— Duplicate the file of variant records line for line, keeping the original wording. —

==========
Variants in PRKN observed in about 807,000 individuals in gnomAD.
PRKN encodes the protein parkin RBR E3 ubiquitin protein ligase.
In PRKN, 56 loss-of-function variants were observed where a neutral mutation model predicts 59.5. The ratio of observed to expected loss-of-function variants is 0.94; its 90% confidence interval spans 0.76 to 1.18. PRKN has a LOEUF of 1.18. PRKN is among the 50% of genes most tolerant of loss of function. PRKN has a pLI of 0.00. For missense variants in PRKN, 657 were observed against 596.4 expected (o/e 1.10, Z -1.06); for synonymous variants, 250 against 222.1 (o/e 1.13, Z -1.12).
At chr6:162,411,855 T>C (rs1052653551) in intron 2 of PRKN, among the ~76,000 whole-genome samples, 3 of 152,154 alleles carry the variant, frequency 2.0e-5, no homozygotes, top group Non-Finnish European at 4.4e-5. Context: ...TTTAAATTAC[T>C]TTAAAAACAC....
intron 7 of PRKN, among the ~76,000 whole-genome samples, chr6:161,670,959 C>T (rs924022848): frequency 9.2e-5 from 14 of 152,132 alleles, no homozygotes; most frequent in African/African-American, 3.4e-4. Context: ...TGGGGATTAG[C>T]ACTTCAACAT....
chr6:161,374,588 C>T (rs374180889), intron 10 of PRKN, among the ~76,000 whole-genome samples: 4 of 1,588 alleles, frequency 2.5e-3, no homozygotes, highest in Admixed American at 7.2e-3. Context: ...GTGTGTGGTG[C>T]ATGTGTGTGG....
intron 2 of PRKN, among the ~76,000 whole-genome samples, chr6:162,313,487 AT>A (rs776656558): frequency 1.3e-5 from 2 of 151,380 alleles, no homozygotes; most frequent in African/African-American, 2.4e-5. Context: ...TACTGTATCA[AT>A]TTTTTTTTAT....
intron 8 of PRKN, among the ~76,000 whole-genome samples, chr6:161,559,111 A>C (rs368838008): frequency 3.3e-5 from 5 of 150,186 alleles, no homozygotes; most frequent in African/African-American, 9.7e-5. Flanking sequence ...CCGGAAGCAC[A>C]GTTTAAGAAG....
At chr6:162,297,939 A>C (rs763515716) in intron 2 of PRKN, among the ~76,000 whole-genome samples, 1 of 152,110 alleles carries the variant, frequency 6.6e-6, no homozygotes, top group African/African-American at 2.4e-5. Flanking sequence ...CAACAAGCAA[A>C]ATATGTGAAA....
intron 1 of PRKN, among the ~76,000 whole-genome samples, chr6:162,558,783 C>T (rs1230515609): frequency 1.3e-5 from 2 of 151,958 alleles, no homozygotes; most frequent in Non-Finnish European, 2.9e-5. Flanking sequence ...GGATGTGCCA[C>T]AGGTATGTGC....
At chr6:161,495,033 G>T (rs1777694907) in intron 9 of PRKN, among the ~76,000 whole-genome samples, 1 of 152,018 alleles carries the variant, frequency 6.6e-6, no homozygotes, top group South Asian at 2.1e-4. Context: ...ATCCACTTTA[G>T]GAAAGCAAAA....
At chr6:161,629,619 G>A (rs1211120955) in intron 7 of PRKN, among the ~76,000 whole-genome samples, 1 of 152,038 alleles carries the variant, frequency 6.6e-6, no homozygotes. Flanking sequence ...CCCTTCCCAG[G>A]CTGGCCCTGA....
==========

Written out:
Variants in PRKN observed in about 807,000 individuals in gnomAD.
PRKN encodes the protein parkin RBR E3 ubiquitin protein ligase.
In PRKN, 56 loss-of-function variants were observed where a neutral mutation model predicts 59.5. The ratio of observed to expected loss-of-function variants is 0.94; its 90% confidence interval spans 0.76 to 1.18. PRKN has a LOEUF of 1.18. PRKN is among the 50% of genes most tolerant of loss of function. PRKN has a pLI of 0.00. For missense variants in PRKN, 657 were observed against 596.4 expected (o/e 1.10, Z -1.06); for synonymous variants, 250 against 222.1 (o/e 1.13, Z -1.12).
At chr6:162,411,855 T>C (rs1052653551) in intron 2 of PRKN, among the ~76,000 whole-genome samples, 3 of 152,154 alleles carry the variant, frequency 2.0e-5, no homozygotes, top group Non-Finnish European at 4.4e-5. Context: ...TTTAAATTAC[T>C]TTAAAAACAC....
intron 7 of PRKN, among the ~76,000 whole-genome samples, chr6:161,670,959 C>T (rs924022848): frequency 9.2e-5 from 14 of 152,132 alleles, no homozygotes; most frequent in African/African-American, 3.4e-4. Context: ...TGGGGATTAG[C>T]ACTTCAACAT....
chr6:161,374,588 C>T (rs374180889), intron 10 of PRKN, among the ~76,000 whole-genome samples: 4 of 1,588 alleles, frequency 2.5e-3, no homozygotes, highest in Admixed American at 7.2e-3. Context: ...GTGTGTGGTG[C>T]ATGTGTGTGG....
intron 2 of PRKN, among the ~76,000 whole-genome samples, chr6:162,313,487 AT>A (rs776656558): frequency 1.3e-5 from 2 of 151,380 alleles, no homozygotes; most frequent in African/African-American, 2.4e-5. Context: ...TACTGTATCA[AT>A]TTTTTTTTAT....
intron 8 of PRKN, among the ~76,000 whole-genome samples, chr6:161,559,111 A>C (rs368838008): frequency 3.3e-5 from 5 of 150,186 alleles, no homozygotes; most frequent in African/African-American, 9.7e-5. Flanking sequence ...CCGGAAGCAC[A>C]GTTTAAGAAG....
At chr6:162,297,939 A>C (rs763515716) in intron 2 of PRKN, among the ~76,000 whole-genome samples, 1 of 152,110 alleles carries the variant, frequency 6.6e-6, no homozygotes, top group African/African-American at 2.4e-5. Flanking sequence ...CAACAAGCAA[A>C]ATATGTGAAA....
intron 1 of PRKN, among the ~76,000 whole-genome samples, chr6:162,558,783 C>T (rs1230515609): frequency 1.3e-5 from 2 of 151,958 alleles, no homozygotes; most frequent in Non-Finnish European, 2.9e-5. Flanking sequence ...GGATGTGCCA[C>T]AGGTATGTGC....
At chr6:161,495,033 G>T (rs1777694907) in intron 9 of PRKN, among the ~76,000 whole-genome samples, 1 of 152,018 alleles carries the variant, frequency 6.6e-6, no homozygotes, top group South Asian at 2.1e-4. Context: ...ATCCACTTTA[G>T]GAAAGCAAAA....
At chr6:161,629,619 G>A (rs1211120955) in intron 7 of PRKN, among the ~76,000 whole-genome samples, 1 of 152,038 alleles carries the variant, frequency 6.6e-6, no homozygotes. Flanking sequence ...CCCTTCCCAG[G>A]CTGGCCCTGA....